The Joukowski transformation is a great way to study basic airfoils using potential flow. It gives a nice way to derive the Kutta condition, as well as the classic lift slope . But in all those demonstrations, I never saw the lift and drag curves of the Joukowski airfoil! Luckily, I have XFOIL to remedy […]

# Category: fluids

## The Sleekest Airfoil

What does a minimum force airfoil look like? I basically want to make a fairing that minimizes the total force over the range of 0-5 degrees. This mostly means reducing the lift generated at non-zero angles of attack, while keeping the drag manageable. Minimizing lift on an airfoil feels oddly perverse. I suppose that’s why […]

## Improving the NACA 0015 Airfoil

The four-digit NACA airfoil is perfectly decent, which is a bit surprising considering it was first published way back in 1933. Since it was designed before computers, I’m sure that it could be improved. The general form of the thickness equation is: This does not provide the proper thickness, but ensures a rounded leading edge […]

## Airfoils with Circular Leading Edges

Airfoils are generally thickest somewhere around the middle. The classic NACA four-digit airfoils are thickest at 30% of the chord, and laminar flow airfoils are thicker around the 50% mark. Let’s throw out the received wisdom and make some airfoils that are thickest close to the front. Rather than working with a lifting body, let’s […]

I wanted to know what a point vortex would do near a corner with an arbitrary angle. Time to dust off the complex analysis! A really useful summary of using complex analysis to model potential flow is here. I will use the method of images to ensure that there is no flow through the wall, […]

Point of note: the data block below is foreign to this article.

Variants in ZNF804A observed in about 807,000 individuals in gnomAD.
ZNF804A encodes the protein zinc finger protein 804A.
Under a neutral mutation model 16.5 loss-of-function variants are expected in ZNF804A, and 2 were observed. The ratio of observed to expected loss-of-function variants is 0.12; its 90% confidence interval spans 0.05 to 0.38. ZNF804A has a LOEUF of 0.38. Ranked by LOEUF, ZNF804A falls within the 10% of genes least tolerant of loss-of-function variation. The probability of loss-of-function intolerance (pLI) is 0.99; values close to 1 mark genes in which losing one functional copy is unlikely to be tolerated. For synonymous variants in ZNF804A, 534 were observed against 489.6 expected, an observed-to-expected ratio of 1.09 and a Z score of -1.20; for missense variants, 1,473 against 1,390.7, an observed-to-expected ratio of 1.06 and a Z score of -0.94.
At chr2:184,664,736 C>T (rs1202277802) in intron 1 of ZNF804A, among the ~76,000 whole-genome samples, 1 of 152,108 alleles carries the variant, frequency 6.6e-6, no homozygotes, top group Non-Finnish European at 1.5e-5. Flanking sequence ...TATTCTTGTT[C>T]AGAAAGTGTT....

I want to have the ink on a photo clump together, leading to a black and white image. This is a sort of flow, so my first thought is to take a look at the advection-diffusion equation. Let’s say that the ink distribution across an image is , the diffusion factor is , and the […]

## Line Integral Convolution

Line integral convolution, or LIC, is a nice way to get a sense of the directions of a flow field. By averaging a noisy image along sections of streamlines, you get some nice streaks. Look at this example, applied to the flow around a spinning cylinder: There are a couple main parameters to tweak: the […]

## Evenly Spaced Streamlines

There’s a whole body of literature out there for illustrating vector fields. One topic is ‘evenly spaced streamlines’: lines that follow a direction field, and don’t get too close to each other. How do we do this? From a starting point, use the midpoint method to figure out the position of the next point. If […]

## Ph.D. Research: Problem Solving

A PhD is an exercise in learning to define and solve problems. This post will describe some of those problems and how I addressed them. I would have liked to see this sort of post back then, and hopefully this will give some idea of the process. This is, of course, very focused on experimental […]

## Proper Orthogonal Decomposition

Time for some competing acronyms. Fluids people like to call this technique Proper Orthogonal Decomposition (POD), statisticians call it Principal Component Analysis (PCA), and so on and so on. Whatever you want to call it, it’s basically an eigenvector decomposition of the data you toss into it. That means that it optimally splits the data […]